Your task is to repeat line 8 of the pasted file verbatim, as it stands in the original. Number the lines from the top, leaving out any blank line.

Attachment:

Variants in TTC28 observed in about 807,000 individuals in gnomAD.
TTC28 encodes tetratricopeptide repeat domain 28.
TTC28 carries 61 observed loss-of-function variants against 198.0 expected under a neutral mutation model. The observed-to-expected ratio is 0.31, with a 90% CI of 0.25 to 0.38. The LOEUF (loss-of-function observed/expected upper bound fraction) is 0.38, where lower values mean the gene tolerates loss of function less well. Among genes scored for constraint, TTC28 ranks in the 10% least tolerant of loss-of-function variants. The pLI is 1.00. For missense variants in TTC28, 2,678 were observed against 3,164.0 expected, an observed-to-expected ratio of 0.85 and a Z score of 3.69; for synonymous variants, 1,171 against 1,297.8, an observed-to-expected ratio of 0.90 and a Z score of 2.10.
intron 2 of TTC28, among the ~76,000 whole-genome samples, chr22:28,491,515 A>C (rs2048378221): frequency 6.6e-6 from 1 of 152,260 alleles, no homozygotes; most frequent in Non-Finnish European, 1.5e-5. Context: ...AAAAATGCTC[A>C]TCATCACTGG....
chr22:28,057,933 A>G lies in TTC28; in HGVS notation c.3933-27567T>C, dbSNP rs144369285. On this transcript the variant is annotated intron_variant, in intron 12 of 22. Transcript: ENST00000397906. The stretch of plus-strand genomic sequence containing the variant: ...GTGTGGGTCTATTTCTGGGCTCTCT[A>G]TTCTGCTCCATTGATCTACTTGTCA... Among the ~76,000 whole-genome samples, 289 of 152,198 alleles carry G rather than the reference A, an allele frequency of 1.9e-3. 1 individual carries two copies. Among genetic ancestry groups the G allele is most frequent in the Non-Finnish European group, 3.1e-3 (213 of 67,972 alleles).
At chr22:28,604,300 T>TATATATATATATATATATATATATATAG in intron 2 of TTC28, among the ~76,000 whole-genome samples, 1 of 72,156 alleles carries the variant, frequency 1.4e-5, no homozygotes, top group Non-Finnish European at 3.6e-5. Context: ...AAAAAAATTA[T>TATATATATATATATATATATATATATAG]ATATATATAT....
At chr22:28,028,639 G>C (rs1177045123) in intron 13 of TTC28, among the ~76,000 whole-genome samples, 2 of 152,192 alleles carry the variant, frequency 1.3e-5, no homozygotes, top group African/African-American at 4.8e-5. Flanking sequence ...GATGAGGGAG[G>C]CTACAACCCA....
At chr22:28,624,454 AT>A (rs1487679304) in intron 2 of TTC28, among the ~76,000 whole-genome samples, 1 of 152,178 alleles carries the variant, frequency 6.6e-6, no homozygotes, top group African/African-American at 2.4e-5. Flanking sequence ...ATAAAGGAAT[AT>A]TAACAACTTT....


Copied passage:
At chr22:28,624,454 AT>A (rs1487679304) in intron 2 of TTC28, among the ~76,000 whole-genome samples, 1 of 152,178 alleles carries the variant, frequency 6.6e-6, no homozygotes, top group African/African-American at 2.4e-5. Flanking sequence ...ATAAAGGAAT[AT>A]TAACAACTTT....